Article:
In autosomal DNA testing the term triangulation is most commonly used to describe the process of reviewing the pedigree charts of clusters of shared matches/in common with matches in order to identify a common ancestor or ancestral couple. This process is sometimes also known as tree triangulation.
Triangulation is also used to describe the process of identifying shared segments of DNA and trying to identify a shared ancestor or ancestral couple from whom the segment has been inherited. This process is also sometimes known as segment triangulation. Segment triangulation requires access to segment data which is not available at AncestryDNA. Segment triangulation is best used in conjunction with chromosome mapping.
There are a number of third-party tools which can be used to aid the process of segment triangulation such as those available from GedMatch and DNAGEDCOM (eg, Don Worth's Autosomal DNA Segment Analyser).
Further reading on segment triangulation
- Triangulation is the icing not the cake by Shelley Crawford, Twigs of Yore, 3 March 2018.
- Triangulating autosomal DNA National Genealogical Society NGS Magazine 42 (October-December 2016): 39-42.
- DNA update by Barbara Griffiths. Not just the Parrys - a genealogy blog for all my ancestors, 25 November 2016. Includes a discussion of triangulation from a UK perspective.
- A triangulation intervention by Blaine Bettinger, The Genetic Genealogist, 19 June 2016.
- TG review: 12 kits at FTDNA by Barton Lewis, Barton Lewis's Genealogy Pages, 29 May 2016. An analysis of triangulated groups in 12 kits at Family Tree DNA.
- A triangulation feature on the new 23andMe by Kitty Cooper, Kitty Cooper's Blog, 26 May 2016.
- Autosomal DNA triangulation Part 1: the basics by Debbie Kennett, Cruwys News blog, 28 January 2016.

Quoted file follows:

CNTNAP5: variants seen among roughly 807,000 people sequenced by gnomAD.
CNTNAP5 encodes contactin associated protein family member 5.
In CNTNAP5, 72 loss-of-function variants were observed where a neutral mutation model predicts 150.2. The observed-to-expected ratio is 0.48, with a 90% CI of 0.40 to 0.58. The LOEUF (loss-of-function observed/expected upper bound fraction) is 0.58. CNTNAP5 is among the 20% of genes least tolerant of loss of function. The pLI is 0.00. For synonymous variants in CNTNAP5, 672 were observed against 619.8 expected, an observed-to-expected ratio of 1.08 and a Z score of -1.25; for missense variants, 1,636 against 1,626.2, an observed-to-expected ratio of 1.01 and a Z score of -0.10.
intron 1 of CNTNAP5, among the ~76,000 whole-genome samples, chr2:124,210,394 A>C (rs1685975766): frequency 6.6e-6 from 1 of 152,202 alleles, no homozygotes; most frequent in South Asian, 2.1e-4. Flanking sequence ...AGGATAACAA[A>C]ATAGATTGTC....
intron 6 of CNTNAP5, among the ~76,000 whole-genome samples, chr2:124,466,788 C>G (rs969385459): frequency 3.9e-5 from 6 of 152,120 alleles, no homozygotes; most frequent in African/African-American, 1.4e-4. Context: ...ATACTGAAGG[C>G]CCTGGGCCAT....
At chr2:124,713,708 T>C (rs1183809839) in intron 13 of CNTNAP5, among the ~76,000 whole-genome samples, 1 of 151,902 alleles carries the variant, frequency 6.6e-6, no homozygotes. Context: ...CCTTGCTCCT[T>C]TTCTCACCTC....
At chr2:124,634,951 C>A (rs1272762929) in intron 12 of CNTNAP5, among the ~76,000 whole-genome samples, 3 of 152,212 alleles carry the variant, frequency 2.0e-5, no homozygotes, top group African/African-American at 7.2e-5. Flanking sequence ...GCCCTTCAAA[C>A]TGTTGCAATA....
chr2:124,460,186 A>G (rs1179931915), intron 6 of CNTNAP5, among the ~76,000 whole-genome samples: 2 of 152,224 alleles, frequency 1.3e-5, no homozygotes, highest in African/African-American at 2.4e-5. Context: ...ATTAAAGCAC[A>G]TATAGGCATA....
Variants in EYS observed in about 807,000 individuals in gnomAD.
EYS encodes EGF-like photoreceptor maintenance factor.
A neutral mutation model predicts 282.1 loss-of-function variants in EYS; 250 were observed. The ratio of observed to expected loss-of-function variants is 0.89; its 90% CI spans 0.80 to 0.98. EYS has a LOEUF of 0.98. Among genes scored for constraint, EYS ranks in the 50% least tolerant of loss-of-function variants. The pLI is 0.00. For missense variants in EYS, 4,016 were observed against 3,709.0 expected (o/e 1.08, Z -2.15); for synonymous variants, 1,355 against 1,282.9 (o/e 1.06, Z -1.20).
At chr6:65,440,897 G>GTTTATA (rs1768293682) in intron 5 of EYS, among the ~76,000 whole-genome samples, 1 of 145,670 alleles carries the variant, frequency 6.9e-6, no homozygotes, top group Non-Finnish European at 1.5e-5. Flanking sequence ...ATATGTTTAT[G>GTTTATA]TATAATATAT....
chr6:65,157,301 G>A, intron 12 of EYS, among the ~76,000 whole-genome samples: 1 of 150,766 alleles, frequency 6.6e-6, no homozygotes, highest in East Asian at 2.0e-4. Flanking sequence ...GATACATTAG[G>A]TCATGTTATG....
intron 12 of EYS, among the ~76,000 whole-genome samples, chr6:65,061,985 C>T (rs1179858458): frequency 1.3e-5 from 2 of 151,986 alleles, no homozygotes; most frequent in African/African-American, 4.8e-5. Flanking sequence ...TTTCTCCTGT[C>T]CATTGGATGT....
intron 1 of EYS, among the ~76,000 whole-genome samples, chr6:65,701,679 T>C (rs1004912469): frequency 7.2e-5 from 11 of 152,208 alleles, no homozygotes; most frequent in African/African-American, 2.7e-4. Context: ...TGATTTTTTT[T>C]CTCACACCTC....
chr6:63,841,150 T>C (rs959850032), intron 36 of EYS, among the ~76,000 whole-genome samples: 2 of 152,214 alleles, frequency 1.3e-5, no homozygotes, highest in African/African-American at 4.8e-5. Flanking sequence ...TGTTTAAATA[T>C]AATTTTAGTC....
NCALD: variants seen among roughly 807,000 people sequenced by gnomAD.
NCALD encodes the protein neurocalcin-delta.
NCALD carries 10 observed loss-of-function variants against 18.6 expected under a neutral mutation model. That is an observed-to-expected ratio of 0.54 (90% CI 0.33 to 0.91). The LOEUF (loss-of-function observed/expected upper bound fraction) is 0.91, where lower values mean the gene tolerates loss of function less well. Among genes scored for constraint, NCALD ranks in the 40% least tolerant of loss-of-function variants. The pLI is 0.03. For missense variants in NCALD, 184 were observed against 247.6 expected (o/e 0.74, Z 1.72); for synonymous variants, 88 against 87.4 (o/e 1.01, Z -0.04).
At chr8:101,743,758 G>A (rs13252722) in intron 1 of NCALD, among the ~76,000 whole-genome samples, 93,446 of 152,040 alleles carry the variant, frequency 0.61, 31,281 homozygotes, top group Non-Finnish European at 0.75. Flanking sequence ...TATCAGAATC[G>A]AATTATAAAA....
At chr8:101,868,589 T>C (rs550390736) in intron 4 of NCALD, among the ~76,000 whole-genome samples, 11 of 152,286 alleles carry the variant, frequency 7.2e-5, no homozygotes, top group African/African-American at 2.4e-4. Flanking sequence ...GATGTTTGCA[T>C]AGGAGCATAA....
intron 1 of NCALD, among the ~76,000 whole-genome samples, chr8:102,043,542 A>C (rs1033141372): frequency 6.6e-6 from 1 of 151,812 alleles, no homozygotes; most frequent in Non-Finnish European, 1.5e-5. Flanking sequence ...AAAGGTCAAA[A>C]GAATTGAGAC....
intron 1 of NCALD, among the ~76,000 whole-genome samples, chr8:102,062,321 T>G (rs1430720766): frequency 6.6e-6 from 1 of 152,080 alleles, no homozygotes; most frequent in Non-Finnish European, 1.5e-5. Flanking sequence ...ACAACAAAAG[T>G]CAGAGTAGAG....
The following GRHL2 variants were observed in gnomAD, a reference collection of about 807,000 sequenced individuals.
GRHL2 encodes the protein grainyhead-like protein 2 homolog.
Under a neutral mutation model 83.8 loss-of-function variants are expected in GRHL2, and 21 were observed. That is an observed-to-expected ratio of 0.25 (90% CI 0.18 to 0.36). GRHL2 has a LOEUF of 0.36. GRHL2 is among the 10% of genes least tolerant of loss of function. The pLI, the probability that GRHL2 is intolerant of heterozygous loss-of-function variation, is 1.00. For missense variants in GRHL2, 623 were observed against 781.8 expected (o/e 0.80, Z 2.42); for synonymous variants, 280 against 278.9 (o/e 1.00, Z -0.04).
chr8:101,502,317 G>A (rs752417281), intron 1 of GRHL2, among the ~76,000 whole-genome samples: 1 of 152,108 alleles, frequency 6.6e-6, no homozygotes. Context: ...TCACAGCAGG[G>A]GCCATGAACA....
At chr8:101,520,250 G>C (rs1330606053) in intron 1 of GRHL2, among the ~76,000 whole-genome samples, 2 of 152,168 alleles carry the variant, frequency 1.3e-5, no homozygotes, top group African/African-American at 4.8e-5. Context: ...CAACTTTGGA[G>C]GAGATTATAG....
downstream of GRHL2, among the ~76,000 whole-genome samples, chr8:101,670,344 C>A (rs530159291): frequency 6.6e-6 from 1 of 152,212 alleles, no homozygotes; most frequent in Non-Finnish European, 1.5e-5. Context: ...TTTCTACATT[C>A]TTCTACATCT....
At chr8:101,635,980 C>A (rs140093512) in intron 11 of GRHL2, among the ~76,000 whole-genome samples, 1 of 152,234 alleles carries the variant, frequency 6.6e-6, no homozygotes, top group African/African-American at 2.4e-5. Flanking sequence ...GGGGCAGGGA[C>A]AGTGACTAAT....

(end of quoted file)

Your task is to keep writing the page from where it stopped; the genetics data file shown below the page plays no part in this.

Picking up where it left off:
- Autosomal DNA triangulation Part 2: the phenomenon of triangulated segments by Debbie Kennett, Cruwys News blog, 28 January, 2016.
- An analysis of fourth cousins and other near distant relationships by Jim Owston, Owston/Ouston One-Name Study blog, 10 August 2015. Includes an exercise in triangulation.
- How to triangulate by Jim Bartlett, Segmentology blog, 11 May 2015.
- Genealogy and autosomal DNA matches: common errors in proving an ancestor and the allure of easy gateway ancestors Genealogy and Genomics blog, 19 April 2015.
- The trouble with triangulation: preliminary notes by Ann Turner, 4 April 2015.
- Triangulation: proving a common ancestor by Kitty Cooper, Kitty Cooper's blog, 26 February 2015.
- Technique for segment triangulation when GedMatch tool not available by Sue Griffith, Genealogy Junkie, 28 August 2014.
- Triangulation for autosomal DNA by Roberta Estes, DNAeXplained, 21 June 2013.
- Triangulate to find more meaningful matches using both Family Tree DNA and 23andMe by Randy Majors, Randymajors.com, 15 May 2012
- Segmentology A blog by Jim Bartlett focusing largely on segment triangulation for autosomal DNA testing
- William Hurst. New words for this new field of genetic genealogy. Genealogy-DNA mailing list, 16 December 2004.